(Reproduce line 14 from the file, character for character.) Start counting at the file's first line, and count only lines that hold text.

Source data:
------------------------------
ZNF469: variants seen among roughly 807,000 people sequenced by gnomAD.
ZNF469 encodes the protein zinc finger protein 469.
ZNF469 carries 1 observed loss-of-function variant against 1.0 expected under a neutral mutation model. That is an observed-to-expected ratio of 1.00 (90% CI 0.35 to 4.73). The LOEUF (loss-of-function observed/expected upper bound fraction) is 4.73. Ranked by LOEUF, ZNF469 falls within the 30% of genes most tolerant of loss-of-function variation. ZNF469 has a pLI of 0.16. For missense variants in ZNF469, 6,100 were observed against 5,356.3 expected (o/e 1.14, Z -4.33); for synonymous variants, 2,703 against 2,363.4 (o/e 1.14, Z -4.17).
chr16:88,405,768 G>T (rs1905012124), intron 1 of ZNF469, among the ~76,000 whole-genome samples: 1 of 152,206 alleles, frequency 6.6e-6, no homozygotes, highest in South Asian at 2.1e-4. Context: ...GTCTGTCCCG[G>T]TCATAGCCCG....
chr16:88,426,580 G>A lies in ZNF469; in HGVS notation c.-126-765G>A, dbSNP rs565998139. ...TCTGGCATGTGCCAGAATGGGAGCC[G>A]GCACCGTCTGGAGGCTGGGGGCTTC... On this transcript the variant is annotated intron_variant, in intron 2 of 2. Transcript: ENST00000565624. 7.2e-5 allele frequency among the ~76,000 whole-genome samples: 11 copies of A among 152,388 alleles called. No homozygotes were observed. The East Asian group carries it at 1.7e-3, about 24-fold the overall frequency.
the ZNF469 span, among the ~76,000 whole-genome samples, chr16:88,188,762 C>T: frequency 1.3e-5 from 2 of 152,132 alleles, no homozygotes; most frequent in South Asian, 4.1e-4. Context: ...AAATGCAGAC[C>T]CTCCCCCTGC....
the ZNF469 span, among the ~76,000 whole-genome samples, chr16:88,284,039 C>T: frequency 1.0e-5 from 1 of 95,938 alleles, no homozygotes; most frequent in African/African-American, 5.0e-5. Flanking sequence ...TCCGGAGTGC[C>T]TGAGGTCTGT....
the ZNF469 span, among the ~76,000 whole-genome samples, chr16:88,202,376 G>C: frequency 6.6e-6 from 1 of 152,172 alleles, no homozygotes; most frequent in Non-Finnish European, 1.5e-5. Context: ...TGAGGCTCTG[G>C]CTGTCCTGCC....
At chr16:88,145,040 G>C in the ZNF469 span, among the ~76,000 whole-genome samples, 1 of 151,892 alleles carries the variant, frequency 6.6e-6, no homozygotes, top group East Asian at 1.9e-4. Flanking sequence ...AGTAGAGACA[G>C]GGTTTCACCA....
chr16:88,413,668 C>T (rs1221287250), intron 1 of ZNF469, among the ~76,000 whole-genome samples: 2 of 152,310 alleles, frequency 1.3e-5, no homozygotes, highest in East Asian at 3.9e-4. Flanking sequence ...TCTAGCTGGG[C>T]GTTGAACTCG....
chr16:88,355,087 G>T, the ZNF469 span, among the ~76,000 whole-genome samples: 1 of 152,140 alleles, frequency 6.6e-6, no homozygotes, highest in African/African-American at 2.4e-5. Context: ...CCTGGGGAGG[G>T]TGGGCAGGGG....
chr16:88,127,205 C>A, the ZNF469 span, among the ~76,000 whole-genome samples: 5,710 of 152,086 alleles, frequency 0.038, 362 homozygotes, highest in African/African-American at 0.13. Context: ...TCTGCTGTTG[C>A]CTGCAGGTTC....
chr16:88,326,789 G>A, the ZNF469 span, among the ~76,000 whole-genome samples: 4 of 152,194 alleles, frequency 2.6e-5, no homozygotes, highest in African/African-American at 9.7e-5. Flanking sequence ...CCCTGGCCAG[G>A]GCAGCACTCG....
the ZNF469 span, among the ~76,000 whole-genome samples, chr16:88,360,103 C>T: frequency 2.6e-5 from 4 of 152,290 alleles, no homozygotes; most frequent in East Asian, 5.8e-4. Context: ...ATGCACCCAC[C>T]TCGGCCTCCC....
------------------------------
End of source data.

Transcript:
the ZNF469 span, among the ~76,000 whole-genome samples, chr16:88,360,103 C>T: frequency 2.6e-5 from 4 of 152,290 alleles, no homozygotes; most frequent in East Asian, 5.8e-4. Context: ...ATGCACCCAC[C>T]TCGGCCTCCC....